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3 Hopeful Habits in the Season of Gratitude

3 Hopeful Habits in the Season of Gratitude

Marcus hopes he would get a deer this hunting season. 

Travis hopes he would get the promotion he’s been working to get. 

Damien hopes the holidays would go better this year than they have in the past. 

All three men hoped for something they don’t currently have. But what does it mean to hope? 

According to the Oxford Dictionary, to hope refers to having a feeling of expectation and desire for a certain thing to happen. If we’re honest with ourselves, we will also admit that hoping generally means that we will also take some action, if possible, to realize our hopes. For instance, Marcus can make sure his equipment is in good repair and he has a favorable hunting location. Travis has already been working toward gaining the promotion. Damien can consider what he might do differently in order to improve the holidays for his family. The point is, we can do things to make our hopes a reality. 

The same holds true for being or becoming a more hopeful person. You can choose to do things that will help you to have a more hopeful outlook on life, even if you are a “glass-half-empty” kind of person. 

LEARN MORE: E440 — Finding Hope in Your Journey to Recovery

Hopeful Habit #1

Generally speaking, humans are programmed to notice things that are wrong more than they are to notice good, positive things. While noticing potential threats may have kept our ancestors from being eaten by lions, tigers and bears, this same sort of vigilance can stand in the way of our modern-day sense of contentment and well-being. For this reason, most of us will benefit from being intentional about noticing 3–5 things every single day for which we are thankful. This can be as simple as being grateful for a hot shower, flush toilet and hot coffee on one day and a faithful dog, smiling child and warm hug on another. The point is to notice, and perhaps even write down, the many good things about one’s life.


Hopeful Habit #2

Let others know what you like, admire, respect or are thankful for in them. Do this by keeping a pad of sticky notes and leaving at least one sticky note a day in a place where they can see it. For example, tell your 8-year-old daughter, “I like the way you played with your younger brother,” and leave the note on her pillow. Let your mate know you appreciate the clean laundry by leaving a note on the bathroom mirror. Tell your teenager you appreciate the way he mowed the grass. The point is to recognize and reinforce the positive things you see in people for whom you care. If you do, these positive things are more likely to occur. And it’s especially important and helpful to do when you want to help your child develop good habits.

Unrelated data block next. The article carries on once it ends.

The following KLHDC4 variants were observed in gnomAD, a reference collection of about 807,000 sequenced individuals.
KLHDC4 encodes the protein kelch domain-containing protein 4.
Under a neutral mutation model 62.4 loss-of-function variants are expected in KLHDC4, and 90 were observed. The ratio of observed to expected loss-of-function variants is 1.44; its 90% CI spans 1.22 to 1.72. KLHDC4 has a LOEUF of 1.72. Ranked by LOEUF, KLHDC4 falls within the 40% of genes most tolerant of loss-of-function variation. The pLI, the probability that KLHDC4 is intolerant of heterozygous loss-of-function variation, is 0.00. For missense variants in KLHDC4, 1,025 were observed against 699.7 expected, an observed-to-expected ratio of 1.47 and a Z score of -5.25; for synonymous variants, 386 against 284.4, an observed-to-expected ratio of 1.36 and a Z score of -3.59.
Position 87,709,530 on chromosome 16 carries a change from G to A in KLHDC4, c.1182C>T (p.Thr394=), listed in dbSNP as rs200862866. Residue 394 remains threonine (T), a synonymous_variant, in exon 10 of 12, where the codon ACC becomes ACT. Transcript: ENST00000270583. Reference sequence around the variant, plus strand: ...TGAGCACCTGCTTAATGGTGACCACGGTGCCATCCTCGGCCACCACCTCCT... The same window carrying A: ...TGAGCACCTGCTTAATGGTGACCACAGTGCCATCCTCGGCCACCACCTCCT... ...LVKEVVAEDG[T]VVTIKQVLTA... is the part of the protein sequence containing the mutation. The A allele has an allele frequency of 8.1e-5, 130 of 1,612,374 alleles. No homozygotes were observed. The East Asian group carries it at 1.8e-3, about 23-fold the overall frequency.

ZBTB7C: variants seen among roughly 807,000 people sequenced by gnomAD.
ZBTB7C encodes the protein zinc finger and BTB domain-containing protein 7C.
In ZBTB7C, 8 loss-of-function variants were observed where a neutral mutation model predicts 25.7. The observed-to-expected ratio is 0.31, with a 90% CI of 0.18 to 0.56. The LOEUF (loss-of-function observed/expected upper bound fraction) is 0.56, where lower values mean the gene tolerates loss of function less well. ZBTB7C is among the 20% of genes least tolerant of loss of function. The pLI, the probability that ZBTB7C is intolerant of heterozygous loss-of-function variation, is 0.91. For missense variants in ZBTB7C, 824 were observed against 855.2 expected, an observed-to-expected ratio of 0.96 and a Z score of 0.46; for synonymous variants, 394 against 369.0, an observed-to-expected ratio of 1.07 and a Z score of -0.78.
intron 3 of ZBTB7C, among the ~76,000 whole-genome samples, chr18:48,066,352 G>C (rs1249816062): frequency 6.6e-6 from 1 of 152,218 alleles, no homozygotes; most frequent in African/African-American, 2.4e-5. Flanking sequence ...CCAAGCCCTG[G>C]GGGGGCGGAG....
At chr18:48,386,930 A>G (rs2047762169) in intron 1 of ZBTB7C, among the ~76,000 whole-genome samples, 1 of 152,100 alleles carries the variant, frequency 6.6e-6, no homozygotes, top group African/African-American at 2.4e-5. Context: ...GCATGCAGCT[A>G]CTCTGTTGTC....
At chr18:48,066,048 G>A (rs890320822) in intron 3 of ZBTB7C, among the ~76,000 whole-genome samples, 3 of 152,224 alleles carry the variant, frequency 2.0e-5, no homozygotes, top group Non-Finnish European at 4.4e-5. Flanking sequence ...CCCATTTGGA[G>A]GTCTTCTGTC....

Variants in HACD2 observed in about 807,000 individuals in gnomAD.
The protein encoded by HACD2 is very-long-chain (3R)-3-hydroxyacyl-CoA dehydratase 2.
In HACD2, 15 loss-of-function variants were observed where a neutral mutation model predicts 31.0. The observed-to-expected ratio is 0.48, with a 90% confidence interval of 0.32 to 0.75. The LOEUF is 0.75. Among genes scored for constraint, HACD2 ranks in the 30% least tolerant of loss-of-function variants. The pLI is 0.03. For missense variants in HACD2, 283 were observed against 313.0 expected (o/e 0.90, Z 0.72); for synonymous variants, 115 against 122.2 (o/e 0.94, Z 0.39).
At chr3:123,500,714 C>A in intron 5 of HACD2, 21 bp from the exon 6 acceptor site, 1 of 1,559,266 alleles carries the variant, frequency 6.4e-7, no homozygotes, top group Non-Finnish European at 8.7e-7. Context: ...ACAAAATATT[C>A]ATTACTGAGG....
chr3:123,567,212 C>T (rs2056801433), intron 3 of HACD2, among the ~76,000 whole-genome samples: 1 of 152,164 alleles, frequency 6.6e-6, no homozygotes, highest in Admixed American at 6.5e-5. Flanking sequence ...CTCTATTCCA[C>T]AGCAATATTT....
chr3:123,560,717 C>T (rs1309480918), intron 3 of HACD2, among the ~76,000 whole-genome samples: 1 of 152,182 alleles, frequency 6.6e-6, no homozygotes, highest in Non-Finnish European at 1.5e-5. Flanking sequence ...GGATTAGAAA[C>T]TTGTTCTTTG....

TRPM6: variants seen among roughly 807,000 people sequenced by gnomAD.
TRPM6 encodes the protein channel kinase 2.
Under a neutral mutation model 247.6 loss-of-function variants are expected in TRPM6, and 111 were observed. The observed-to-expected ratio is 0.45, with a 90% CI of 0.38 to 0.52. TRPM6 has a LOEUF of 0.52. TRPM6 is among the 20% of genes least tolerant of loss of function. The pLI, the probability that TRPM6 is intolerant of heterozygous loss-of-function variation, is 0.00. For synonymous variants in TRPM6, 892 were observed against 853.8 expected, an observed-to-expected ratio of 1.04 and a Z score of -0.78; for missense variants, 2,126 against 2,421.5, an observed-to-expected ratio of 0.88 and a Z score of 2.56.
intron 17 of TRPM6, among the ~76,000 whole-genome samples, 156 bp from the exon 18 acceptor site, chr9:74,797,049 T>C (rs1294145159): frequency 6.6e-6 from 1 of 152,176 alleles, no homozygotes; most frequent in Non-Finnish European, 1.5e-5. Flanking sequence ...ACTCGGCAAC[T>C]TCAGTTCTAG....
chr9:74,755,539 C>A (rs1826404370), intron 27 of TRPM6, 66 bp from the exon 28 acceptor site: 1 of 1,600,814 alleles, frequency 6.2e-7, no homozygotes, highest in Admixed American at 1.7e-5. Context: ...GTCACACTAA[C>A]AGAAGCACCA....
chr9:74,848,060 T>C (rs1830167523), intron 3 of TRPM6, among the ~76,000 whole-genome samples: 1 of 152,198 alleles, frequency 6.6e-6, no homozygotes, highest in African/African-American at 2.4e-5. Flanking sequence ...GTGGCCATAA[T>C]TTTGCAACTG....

Hopeful Habit #3

The research is clear. Those who give to others in some way experience greater joy and more satisfaction than those who receive. If you want to remain hopeful and even happier, find a way to serve others in a meaningful way. Spend time with a lonely neighbor. Rake your neighbor’s leaves. Make a small home repair for someone who is unable to do it themselves. Take your child along and teach him or her the joy that comes from giving to others.


Let’s face it. Hopeful people tend to be happier people—people we want to be around. Some, by virtue of their genetics, have a sunnier disposition, but everyone can increase their level of hopefulness by committing to practicing hopeful habits on a regular basis. It is possible to practice one’s self into becoming a more positive person.

About the Author

Dr. Jennifer L. Baker is a licensed clinical psychologist specializing in marriage and family therapy. She is also the Founder and Director of Good Dads. She can be reached for question or comment at [email protected].

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